Army Ordnance Corps Hall of Fame Inducts Florida Tech, Redstone Site Adjunct Professor

MELBOURNE, FLA.—Harry Hobbs, Florida Institute of Technology Redstone Site production and operations management adjunct professor in Huntsville, Ala., and retired chief warrant officer 5, was recently inducted into the Army Ordnance Corps Hall of Fame, a prestigious honor. He was one of 13 inductees recognized at a ceremony in Fort Lee, Va., in November.

The first missile systems warrant officer in history to be inducted, Hobbs

joined the Army in 1978 and served a total of 10 years as a field artilleryman and missile systems repair supervisor. In 1988, he was promoted to sergeant first class and to warrant officer shortly after. In 1991, Hobbs served as a platoon leader in Operation Desert Storm. He was again deployed in 1996 to Kaposvar, Hungary, to help facilitate the movement of troops and equipment into Bosnia and Herzegovina.

Hobbs’ military awards include the Legion of Merit, Bronze Star, Global War on Terrorism Service Medal and Military Outstanding Volunteer Service Medal.

After retiring from the Army in 2007, Hobbs’ success continued in his civilian life. He has a reputation in the community as a strong advocate and mentor for youth. As a professor of military science at Columbia High School, he helped its Junior Reserve Officers’ Training Corps (JROTC) become the fastest growing program and one of the best in Alabama. He established the Community Awareness For Youth annual event, which draws about 2,000 young people every year to learn about careers, health, education and finances. Also a men’s ministry and young adult leader at Bicentennial Chapel, Hobbs coached and mentored the Redstone Ten-Miler into first-place finishes for seven years.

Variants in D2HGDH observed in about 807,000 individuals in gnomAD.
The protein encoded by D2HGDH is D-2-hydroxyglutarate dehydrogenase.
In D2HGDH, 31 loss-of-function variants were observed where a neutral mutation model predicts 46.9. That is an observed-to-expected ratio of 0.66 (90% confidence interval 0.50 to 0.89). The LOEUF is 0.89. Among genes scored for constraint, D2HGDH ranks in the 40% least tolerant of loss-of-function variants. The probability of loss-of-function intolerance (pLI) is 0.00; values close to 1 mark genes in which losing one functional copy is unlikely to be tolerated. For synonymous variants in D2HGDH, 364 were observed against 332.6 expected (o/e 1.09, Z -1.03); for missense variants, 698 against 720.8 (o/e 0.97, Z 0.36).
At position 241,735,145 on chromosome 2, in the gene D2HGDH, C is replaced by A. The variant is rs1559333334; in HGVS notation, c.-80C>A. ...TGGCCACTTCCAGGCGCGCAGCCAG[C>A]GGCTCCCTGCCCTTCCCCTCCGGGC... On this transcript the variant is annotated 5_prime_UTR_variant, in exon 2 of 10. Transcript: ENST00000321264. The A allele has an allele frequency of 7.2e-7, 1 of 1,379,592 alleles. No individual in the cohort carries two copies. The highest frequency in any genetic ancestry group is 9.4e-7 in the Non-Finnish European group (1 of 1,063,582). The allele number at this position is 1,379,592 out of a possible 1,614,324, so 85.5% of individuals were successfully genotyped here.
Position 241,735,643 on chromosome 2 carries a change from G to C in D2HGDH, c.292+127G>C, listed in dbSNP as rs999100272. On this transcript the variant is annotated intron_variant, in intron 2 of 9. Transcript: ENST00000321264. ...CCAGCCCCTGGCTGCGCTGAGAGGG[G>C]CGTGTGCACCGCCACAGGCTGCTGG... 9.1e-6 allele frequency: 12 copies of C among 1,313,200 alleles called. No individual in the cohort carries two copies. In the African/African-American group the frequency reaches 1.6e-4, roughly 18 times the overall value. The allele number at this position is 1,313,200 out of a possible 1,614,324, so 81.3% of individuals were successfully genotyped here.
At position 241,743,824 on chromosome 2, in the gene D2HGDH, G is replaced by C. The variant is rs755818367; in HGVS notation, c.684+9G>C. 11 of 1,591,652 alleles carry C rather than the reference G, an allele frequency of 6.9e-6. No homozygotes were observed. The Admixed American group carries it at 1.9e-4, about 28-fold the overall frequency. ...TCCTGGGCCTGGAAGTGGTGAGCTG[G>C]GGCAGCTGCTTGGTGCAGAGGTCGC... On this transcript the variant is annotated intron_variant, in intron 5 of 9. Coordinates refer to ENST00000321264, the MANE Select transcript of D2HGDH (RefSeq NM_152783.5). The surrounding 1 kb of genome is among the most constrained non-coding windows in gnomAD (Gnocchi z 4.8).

His community awards include the Veteran of the Year by the city of Madison in 2012 and Mentor of the Year by the 100 Black Men of Greater Huntsville.

Hobbs, the current communications relations officer for the Huntsville Police Department, joined Florida Tech in 2002. He received his doctorate degree in human resources management from Pacific Western University, Honolulu, Hawaii; master’s degree in human services from Murray State University, Murray, Ky.; and bachelor’s degree in resources management from Troy State University, Dothan, Ala.

PHOTO: Retired Chief Warrant Officer 5 Harry Hobbs and his wife Erica celebrate his induction into the Army Ordnance Corps Hall of Fame with Maj. Gen. Lynn Collyar, commander of the Aviation and Missile Command; and Lt. Gen. Patricia McQuistion, deputy commander of the Army Materiel Command and Redstone Arsenal senior commander. The two general officers attended the induction ceremony at Fort Lee, Va. Collyar wrote a letter of recommendation for Hobbs’ nomination into the hall of fame.

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